The pandemic has already claimed several restaurants Portland could previously hardly imagine living without.

It could be worse, however—and it certainly could get worse before this is all over.

For now, though, we should learn from the losses already incurred to never take any institution for granted. That's the basic idea behind Esquire's recently published list of "100 Restaurants America Cannot Afford to Lose." And two Portland eateries are included among them.

One is Nong's Khao Man Gai, whose titular dish is one of the enduring classics of Portland food.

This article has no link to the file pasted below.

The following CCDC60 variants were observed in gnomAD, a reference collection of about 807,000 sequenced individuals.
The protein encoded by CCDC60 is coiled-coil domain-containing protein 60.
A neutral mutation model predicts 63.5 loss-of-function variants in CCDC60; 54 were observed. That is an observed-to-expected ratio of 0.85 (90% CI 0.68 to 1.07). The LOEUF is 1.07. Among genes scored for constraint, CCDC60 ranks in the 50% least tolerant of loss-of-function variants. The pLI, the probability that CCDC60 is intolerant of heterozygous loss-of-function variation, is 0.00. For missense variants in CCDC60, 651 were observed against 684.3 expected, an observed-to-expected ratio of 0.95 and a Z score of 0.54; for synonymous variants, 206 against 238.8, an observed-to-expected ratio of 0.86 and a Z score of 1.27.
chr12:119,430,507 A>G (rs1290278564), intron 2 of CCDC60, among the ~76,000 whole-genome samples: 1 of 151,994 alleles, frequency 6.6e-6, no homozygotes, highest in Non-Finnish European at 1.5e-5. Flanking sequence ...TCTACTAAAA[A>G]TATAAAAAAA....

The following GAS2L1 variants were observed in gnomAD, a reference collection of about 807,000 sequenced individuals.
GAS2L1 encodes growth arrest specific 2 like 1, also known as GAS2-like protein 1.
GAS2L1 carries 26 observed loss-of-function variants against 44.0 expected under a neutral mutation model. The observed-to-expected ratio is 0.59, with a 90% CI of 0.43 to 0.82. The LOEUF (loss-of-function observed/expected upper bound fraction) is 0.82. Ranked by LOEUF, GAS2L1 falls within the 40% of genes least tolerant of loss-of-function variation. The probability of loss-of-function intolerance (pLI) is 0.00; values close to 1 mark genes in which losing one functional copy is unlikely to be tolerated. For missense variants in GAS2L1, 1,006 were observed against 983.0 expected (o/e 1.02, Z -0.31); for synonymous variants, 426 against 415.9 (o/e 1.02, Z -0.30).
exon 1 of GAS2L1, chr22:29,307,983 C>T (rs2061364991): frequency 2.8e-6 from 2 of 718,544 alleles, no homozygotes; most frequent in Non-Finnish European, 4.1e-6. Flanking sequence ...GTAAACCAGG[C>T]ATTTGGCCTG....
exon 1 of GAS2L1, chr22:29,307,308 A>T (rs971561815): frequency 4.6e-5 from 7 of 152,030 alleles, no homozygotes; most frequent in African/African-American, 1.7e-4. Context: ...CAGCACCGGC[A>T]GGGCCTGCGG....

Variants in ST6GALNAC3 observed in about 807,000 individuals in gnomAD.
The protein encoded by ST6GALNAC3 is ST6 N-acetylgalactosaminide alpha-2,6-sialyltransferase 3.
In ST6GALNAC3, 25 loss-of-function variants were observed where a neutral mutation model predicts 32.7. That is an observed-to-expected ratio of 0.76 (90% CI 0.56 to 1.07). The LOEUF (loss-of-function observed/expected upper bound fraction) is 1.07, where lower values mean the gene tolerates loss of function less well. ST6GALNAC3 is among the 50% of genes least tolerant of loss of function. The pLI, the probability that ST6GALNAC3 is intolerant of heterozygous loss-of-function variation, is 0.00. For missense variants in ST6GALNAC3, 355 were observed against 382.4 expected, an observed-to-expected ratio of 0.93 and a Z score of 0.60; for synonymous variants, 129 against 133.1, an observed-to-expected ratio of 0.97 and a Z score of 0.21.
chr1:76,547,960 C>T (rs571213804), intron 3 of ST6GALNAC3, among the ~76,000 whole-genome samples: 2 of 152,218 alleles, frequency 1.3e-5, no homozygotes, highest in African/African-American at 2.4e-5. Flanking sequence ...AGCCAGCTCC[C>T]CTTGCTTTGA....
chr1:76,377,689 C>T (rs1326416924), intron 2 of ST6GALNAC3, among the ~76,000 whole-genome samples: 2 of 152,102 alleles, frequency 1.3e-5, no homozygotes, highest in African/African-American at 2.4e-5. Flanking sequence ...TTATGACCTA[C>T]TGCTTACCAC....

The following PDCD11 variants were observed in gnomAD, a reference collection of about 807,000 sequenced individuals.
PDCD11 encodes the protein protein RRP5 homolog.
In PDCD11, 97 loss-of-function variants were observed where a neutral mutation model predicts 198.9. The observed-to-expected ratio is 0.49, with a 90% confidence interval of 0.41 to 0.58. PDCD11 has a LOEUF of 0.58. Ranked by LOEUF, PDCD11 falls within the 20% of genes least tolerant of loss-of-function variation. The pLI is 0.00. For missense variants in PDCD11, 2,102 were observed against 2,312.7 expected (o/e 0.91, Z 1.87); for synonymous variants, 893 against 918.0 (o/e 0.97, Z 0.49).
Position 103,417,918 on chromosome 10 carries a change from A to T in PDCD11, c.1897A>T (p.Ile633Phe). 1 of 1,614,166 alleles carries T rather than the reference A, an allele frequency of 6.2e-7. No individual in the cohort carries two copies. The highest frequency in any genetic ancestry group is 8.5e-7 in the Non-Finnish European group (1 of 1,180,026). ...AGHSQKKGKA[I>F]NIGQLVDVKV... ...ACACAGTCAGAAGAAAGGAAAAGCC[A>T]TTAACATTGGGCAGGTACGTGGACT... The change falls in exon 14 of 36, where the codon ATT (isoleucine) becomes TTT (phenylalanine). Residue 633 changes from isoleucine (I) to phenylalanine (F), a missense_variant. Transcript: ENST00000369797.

"It looks simple on the plate: poached chicken, white rice, sliced cucumbers, a sauce, a soup," writes critic Jeff Gordinier. "But each bite reveals the care that she and her team have poured into it, and a lunch here leaves you feeling the way you feel after you've had matzo ball soup in a dependable diner: nourished."

The other, Peter Cho's Korean-focused Han Oak, is newer to the landscape, but has only needed three years to become a local staple and inspire effusive essays from national food writers.

"Han Oak blends into the Cho family's backyard, and a meal there has the casual vibe of a family reunion around a picnic table," Gordinier writes. "The mere thought of never being able to return to Han Oak makes me heartsick."

(Maybe don't tell Gordinier that Han Oak isn't open at the moment. But do let him know Cho has another venture forthcoming.)

Check out the complete list here.